Illinois governor arrested for trying to sell off Obama Senate seat

Illinois Gov. Rod Blagojevich was arrested Tuesday on charges of conspiring to sell off to the highest bidder the U.S. Senate seat left vacant by Barack Obama after he was elected president.

President-elect denies contact with Blagojevich

Illinois Gov. Rod Blagojevich was arrested Tuesday on charges of conspiring to sell off to the highest bidder the U.S. Senate seat left vacant by Barack Obama after he was elected president.

Authorities in Chicago have arrested Ill. Gov. Rod Blagojevich, shown here in 2007, on federal charges. ((Seth Perlman/Associated Press))

Obama said he did not speak to Blagojevich about the Senate seat, adding he was saddened by the case.

"I had no contact with the governor or his office and so I was not aware of what was happening," Obama told reporters Tuesday. "But as I said, it is a sad day for Illinois. Beyond that I don't think it's appropriate to comment."

Prosecutors have not accused Obama of any wrongdoing in the case.

Obama quit his post at the Senate following his election in November. Under U.S. law, the state governor is to choose Obama's replacement.

An FBI affidavit says Blagojevich was intercepted on wiretaps conspiring to sell or trade the vacant Senate seat for personal benefits for himself and his wife.

The 76-page affidavit alleges the 51-year-old Democratic governor even considered appointing himself if he wasn't offered anything of value.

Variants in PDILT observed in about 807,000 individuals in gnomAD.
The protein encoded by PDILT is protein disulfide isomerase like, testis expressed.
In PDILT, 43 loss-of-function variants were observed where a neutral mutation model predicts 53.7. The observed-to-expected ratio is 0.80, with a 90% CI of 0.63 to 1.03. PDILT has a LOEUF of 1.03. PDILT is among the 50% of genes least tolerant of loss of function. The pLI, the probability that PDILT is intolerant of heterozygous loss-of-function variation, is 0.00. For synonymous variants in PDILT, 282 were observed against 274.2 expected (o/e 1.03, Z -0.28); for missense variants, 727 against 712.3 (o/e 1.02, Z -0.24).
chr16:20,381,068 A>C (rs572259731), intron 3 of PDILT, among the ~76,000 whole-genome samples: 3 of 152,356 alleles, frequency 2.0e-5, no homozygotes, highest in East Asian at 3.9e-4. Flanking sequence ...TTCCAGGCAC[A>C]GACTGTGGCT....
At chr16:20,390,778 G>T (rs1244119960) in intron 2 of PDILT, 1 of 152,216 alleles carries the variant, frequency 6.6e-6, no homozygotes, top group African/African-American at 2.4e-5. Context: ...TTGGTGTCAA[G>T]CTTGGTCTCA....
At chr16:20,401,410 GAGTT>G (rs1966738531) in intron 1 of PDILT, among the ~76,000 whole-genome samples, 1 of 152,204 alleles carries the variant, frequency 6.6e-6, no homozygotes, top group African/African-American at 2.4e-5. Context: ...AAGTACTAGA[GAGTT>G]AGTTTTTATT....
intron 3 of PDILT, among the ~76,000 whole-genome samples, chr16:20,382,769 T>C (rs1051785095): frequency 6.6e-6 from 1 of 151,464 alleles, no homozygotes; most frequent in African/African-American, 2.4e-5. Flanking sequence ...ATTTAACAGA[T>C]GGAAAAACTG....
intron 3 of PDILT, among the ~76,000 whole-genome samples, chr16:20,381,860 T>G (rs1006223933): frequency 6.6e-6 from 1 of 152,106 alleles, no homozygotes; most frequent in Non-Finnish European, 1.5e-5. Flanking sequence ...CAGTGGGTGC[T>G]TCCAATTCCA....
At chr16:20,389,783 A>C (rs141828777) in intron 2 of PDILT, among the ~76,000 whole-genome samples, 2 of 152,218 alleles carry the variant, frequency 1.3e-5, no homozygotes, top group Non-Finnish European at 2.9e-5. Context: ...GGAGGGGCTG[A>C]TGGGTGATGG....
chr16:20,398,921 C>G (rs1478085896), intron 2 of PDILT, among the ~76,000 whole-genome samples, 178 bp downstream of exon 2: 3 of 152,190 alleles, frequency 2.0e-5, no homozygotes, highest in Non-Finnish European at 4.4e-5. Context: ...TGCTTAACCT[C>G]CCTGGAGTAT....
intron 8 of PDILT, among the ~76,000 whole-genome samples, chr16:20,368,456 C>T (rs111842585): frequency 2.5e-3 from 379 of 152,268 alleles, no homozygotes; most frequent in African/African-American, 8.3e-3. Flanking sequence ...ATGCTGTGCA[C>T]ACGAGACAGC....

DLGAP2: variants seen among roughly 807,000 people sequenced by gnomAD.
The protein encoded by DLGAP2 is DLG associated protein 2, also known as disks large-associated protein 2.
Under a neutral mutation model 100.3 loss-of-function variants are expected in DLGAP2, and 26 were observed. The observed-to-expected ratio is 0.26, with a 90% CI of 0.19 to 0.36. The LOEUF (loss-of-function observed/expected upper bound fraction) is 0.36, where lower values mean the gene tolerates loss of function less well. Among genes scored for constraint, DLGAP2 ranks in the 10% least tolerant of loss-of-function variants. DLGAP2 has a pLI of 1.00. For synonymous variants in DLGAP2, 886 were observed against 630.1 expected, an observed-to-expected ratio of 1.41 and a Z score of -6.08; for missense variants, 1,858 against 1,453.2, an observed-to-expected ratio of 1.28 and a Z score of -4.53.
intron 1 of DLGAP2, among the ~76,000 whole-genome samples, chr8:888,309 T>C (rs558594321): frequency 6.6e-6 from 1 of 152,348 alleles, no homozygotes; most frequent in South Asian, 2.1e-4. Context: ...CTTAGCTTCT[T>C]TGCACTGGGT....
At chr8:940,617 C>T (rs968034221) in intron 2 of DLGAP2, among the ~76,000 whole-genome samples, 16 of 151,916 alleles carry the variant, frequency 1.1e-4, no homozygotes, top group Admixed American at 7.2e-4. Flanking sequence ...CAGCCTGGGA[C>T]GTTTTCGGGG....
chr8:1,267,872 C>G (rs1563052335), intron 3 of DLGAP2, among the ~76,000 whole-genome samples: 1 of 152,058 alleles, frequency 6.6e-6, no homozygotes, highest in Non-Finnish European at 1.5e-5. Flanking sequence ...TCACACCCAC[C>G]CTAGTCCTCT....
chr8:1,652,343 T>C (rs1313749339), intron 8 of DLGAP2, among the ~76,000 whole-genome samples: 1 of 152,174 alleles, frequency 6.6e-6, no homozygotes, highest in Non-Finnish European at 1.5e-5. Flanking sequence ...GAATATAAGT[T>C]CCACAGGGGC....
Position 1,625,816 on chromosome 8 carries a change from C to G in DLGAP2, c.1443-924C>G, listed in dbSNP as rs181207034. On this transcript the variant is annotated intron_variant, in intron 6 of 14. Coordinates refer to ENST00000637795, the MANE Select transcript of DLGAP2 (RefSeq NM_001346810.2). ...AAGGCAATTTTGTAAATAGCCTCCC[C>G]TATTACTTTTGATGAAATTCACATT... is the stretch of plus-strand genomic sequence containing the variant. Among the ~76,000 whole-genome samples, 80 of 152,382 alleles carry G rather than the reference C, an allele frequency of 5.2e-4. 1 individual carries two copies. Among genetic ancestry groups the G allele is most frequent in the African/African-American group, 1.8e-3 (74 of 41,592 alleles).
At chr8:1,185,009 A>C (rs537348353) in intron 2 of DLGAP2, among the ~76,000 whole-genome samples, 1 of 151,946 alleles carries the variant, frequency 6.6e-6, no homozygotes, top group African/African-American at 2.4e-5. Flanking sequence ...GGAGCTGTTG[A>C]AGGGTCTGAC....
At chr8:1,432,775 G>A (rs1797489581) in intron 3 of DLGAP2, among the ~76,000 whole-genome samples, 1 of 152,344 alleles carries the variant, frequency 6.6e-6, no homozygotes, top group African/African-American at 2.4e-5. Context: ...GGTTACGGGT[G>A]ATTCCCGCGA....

U.S. Attorney Patrick Fitzgerald, speaking to reporters Tuesday, quoted some of Blagojevich's comments intercepted over a wiretap. 

"It's a [expletive] valuable thing," said Fitzgerald, quoting Blagojevich's comments on the Senate seat. "You just don't give it away for nothing."

Fitzgerald described the situation by saying: "We were in the middle of a corruption crime spree, and we wanted to stop it."

Fitzgerald said the corruption charges against Blagojevich represent "a truly new low."

Governor allegedly wanted to influence newspaper

According to a federal criminal complaint, Blagojevich also was charged with illegally threatening to withhold state assistance to Tribune Co., the owner of the Chicago Tribune, in the sale of Wrigley Field. In return for state assistance, Blagojevich allegedly wanted members of the paper's editorial board who had been critical of him fired.

Blagojevich also was charged with using his authority as governor in an attempt to squeeze out campaign contributions, prosecutors said.

Blagojevich's chief of staff, John Harris, also was arrested.   

Federal agents were in Blagojevich's office in Thompson Center in downtown Chicago on Tuesday morning.  

Corruption in the Blagojevich administration has been the focus of a federal investigation dubbed Operation Board Games involving an alleged $7 million US scheme aimed at squeezing kickbacks out of companies seeking business from the state.

Blagojevich hiring practices investigated

Federal prosecutors have acknowledged they're also investigating "serious allegations of endemic hiring fraud" under Blagojevich.

Political fundraiser Antoin "Tony" Rezko, who raised money for the campaigns of both Blagojevich and Obama, is awaiting sentencing after being convicted of fraud and other charges. Prosecutors have said there were no improprieties on Obama's part in connection with Rezko's conviction.  

Blagojevich's chief fundraiser, Christopher G. Kelly, is due to stand trial early next year on charges of obstructing the Internal Revenue Service.

Blagojevich took the chief executive's office in 2003 as a reformer promising to clean up former Gov. George Ryan's mess. He has repeatedly denied any wrongdoing.

Ryan, a Republican, is serving a six-year prison sentence after being convicted on racketeering and fraud charges.

The decade-long investigation began with the sale of driver's licences for bribes and led to the conviction of dozens of people who worked for Ryan when he was secretary of state and governor.

With files from the Associated Press